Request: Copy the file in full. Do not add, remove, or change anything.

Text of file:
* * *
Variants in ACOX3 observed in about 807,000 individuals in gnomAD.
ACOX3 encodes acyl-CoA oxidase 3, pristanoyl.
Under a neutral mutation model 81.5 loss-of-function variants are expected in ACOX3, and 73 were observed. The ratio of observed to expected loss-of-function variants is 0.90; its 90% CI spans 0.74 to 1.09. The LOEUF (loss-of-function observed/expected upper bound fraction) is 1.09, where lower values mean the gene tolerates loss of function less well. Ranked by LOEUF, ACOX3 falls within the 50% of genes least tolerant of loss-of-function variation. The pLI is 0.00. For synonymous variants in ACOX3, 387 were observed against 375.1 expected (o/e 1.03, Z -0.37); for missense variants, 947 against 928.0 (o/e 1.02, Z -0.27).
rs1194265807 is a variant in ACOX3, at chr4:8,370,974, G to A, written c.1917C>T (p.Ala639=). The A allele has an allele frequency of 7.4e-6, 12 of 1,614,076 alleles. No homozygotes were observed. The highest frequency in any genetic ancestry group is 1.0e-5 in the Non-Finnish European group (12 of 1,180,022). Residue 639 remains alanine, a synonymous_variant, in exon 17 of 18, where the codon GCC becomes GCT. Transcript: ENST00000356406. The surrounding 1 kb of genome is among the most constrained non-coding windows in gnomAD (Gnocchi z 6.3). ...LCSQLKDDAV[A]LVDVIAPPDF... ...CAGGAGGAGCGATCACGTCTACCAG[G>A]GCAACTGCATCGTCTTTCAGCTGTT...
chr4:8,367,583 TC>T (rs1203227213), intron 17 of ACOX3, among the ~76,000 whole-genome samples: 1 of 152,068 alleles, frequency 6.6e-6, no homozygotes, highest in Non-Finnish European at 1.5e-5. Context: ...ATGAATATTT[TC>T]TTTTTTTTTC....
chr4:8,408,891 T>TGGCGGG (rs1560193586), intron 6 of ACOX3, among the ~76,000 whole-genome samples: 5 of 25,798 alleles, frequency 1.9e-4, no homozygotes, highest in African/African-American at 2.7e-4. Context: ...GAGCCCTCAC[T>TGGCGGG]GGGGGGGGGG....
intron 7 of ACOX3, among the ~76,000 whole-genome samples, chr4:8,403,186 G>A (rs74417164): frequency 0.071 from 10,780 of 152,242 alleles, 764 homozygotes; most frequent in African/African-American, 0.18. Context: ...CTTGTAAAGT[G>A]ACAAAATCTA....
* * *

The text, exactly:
Variants in ACOX3 observed in about 807,000 individuals in gnomAD.
ACOX3 encodes acyl-CoA oxidase 3, pristanoyl.
Under a neutral mutation model 81.5 loss-of-function variants are expected in ACOX3, and 73 were observed. The ratio of observed to expected loss-of-function variants is 0.90; its 90% CI spans 0.74 to 1.09. The LOEUF (loss-of-function observed/expected upper bound fraction) is 1.09, where lower values mean the gene tolerates loss of function less well. Ranked by LOEUF, ACOX3 falls within the 50% of genes least tolerant of loss-of-function variation. The pLI is 0.00. For synonymous variants in ACOX3, 387 were observed against 375.1 expected (o/e 1.03, Z -0.37); for missense variants, 947 against 928.0 (o/e 1.02, Z -0.27).
rs1194265807 is a variant in ACOX3, at chr4:8,370,974, G to A, written c.1917C>T (p.Ala639=). The A allele has an allele frequency of 7.4e-6, 12 of 1,614,076 alleles. No homozygotes were observed. The highest frequency in any genetic ancestry group is 1.0e-5 in the Non-Finnish European group (12 of 1,180,022). Residue 639 remains alanine, a synonymous_variant, in exon 17 of 18, where the codon GCC becomes GCT. Transcript: ENST00000356406. The surrounding 1 kb of genome is among the most constrained non-coding windows in gnomAD (Gnocchi z 6.3). ...LCSQLKDDAV[A]LVDVIAPPDF... ...CAGGAGGAGCGATCACGTCTACCAG[G>A]GCAACTGCATCGTCTTTCAGCTGTT...
chr4:8,367,583 TC>T (rs1203227213), intron 17 of ACOX3, among the ~76,000 whole-genome samples: 1 of 152,068 alleles, frequency 6.6e-6, no homozygotes, highest in Non-Finnish European at 1.5e-5. Context: ...ATGAATATTT[TC>T]TTTTTTTTTC....
chr4:8,408,891 T>TGGCGGG (rs1560193586), intron 6 of ACOX3, among the ~76,000 whole-genome samples: 5 of 25,798 alleles, frequency 1.9e-4, no homozygotes, highest in African/African-American at 2.7e-4. Context: ...GAGCCCTCAC[T>TGGCGGG]GGGGGGGGGG....
intron 7 of ACOX3, among the ~76,000 whole-genome samples, chr4:8,403,186 G>A (rs74417164): frequency 0.071 from 10,780 of 152,242 alleles, 764 homozygotes; most frequent in African/African-American, 0.18. Context: ...CTTGTAAAGT[G>A]ACAAAATCTA....